These positive qualities will not only enhance external results; they also induce internal happiness. Notable American Psychologist, Dr. Martin Seligman, has pursued the science of positive psychology for much of his professional life and has determined that there are five fundamental components to living a good life of happiness.

These components (known collectively as PERMA) are positive emotion, engagement, relationships, meaning, and accomplishment. When all five are present, one can be said to be living a life of “well-being” and can flourish in anything one attempts.

5) Growth Mindset

A growth mindset is a concept pioneered by Carol Dweck of Standstead University and her colleagues (Dweck, 2006). It describes a learner’s attitudes and beliefs about intelligence and ability.

Those with a mindset for growth believe that their intelligence and abilities can be developed, in contrast with those with a fixed mindset who believe that their abilities, talents, and traits are fixed and determined by genetics.

The average person is usually a mix of the two, sometimes believing in growth and sometimes limited by a fixed mentality. Those who believe in themselves tend to lean more often toward a growth mindset.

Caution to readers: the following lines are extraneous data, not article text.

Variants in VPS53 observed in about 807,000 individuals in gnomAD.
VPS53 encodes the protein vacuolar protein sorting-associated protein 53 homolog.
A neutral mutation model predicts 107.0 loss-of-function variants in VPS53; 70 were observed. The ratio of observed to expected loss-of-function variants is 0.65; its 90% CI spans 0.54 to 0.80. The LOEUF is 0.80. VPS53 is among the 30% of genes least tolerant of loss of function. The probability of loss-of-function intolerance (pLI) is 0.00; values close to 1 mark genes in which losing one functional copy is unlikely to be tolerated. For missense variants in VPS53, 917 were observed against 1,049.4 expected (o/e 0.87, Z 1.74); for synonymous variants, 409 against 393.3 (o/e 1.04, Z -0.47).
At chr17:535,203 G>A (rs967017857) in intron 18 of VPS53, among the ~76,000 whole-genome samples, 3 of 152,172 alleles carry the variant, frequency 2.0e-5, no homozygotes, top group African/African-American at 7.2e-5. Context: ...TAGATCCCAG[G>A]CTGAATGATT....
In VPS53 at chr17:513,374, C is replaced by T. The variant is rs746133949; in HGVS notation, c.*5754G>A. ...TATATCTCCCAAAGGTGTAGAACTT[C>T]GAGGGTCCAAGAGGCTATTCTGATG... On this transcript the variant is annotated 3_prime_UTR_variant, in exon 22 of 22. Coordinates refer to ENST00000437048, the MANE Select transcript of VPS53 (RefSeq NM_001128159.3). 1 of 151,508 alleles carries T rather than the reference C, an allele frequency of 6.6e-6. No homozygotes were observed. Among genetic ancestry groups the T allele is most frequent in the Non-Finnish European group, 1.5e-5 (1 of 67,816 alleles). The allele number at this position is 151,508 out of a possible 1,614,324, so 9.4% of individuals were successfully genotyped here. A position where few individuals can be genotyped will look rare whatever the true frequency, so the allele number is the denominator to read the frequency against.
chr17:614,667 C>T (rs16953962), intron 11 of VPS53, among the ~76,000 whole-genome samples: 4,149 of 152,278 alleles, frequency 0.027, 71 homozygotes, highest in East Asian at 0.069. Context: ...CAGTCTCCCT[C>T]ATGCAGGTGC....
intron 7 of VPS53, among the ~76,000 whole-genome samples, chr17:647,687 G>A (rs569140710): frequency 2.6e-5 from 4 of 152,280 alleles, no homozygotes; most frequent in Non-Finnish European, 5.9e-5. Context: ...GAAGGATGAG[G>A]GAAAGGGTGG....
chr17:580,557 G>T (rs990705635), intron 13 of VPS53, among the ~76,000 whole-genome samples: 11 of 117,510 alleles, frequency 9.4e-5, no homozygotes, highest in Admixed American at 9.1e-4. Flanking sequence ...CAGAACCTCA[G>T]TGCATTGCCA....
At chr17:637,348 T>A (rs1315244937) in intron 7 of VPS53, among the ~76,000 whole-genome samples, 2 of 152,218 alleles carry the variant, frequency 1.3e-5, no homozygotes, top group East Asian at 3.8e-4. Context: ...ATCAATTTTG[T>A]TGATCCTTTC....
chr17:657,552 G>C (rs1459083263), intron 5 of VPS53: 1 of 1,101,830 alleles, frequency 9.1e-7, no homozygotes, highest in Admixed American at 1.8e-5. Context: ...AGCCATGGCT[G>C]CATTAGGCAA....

Recent progress in neuroscience, however, has shown that the brain is far more malleable than previously thought, a trait known as neuroplasticity – the capacity of neurons and their networks in the brain to alter their connections and behavior in response to new stimuli.

Research by Rosenzweig, Bennett, and Diamond (1972) showed that two groups of rats, one of which lived in enriched conditions (EC) while the other lived in deprived conditions (DC), changed the physical properties of their brains over just 60 days. 

The rats living in enriched conditions developed heavier frontal lopes and more acetylcholine receptors. The total average brain weight for EC rats was 7-10% higher than DC rats, with EC rats showing an incredible 20% increase in the number of synapses.

Technology is finally developing to the point where neuroscience and psychology can complement each other and it is increasingly showing that the ability to believe in yourself induces quantifiable neural change.

Growth Mindset vs. Fixed Mindset
Growth Mindset vs. Fixed Mindset

Why do People Not Believe in Themselves?